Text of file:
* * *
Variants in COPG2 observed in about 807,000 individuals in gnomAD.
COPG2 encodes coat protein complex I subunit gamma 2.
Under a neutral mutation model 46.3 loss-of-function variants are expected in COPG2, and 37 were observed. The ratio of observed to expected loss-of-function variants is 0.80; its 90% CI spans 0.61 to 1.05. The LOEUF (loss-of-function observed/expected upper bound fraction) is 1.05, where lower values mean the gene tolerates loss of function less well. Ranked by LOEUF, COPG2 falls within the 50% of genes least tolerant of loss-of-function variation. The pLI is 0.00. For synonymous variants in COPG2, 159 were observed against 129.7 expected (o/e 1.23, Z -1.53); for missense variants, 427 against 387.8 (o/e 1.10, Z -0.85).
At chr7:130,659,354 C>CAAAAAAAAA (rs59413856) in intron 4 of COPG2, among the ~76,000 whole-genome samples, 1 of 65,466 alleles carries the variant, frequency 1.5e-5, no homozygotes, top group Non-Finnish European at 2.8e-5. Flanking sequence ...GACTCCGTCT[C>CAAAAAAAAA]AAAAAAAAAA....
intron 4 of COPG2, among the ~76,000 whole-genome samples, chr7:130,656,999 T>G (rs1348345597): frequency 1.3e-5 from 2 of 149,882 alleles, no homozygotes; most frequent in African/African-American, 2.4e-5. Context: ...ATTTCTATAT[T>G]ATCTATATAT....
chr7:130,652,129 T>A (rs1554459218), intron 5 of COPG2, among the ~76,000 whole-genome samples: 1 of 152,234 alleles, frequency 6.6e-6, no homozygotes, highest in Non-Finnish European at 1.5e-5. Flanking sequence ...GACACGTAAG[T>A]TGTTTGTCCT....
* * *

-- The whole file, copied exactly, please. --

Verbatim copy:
Variants in COPG2 observed in about 807,000 individuals in gnomAD.
COPG2 encodes coat protein complex I subunit gamma 2.
Under a neutral mutation model 46.3 loss-of-function variants are expected in COPG2, and 37 were observed. The ratio of observed to expected loss-of-function variants is 0.80; its 90% CI spans 0.61 to 1.05. The LOEUF (loss-of-function observed/expected upper bound fraction) is 1.05, where lower values mean the gene tolerates loss of function less well. Ranked by LOEUF, COPG2 falls within the 50% of genes least tolerant of loss-of-function variation. The pLI is 0.00. For synonymous variants in COPG2, 159 were observed against 129.7 expected (o/e 1.23, Z -1.53); for missense variants, 427 against 387.8 (o/e 1.10, Z -0.85).
At chr7:130,659,354 C>CAAAAAAAAA (rs59413856) in intron 4 of COPG2, among the ~76,000 whole-genome samples, 1 of 65,466 alleles carries the variant, frequency 1.5e-5, no homozygotes, top group Non-Finnish European at 2.8e-5. Flanking sequence ...GACTCCGTCT[C>CAAAAAAAAA]AAAAAAAAAA....
intron 4 of COPG2, among the ~76,000 whole-genome samples, chr7:130,656,999 T>G (rs1348345597): frequency 1.3e-5 from 2 of 149,882 alleles, no homozygotes; most frequent in African/African-American, 2.4e-5. Context: ...ATTTCTATAT[T>G]ATCTATATAT....
chr7:130,652,129 T>A (rs1554459218), intron 5 of COPG2, among the ~76,000 whole-genome samples: 1 of 152,234 alleles, frequency 6.6e-6, no homozygotes, highest in Non-Finnish European at 1.5e-5. Flanking sequence ...GACACGTAAG[T>A]TGTTTGTCCT....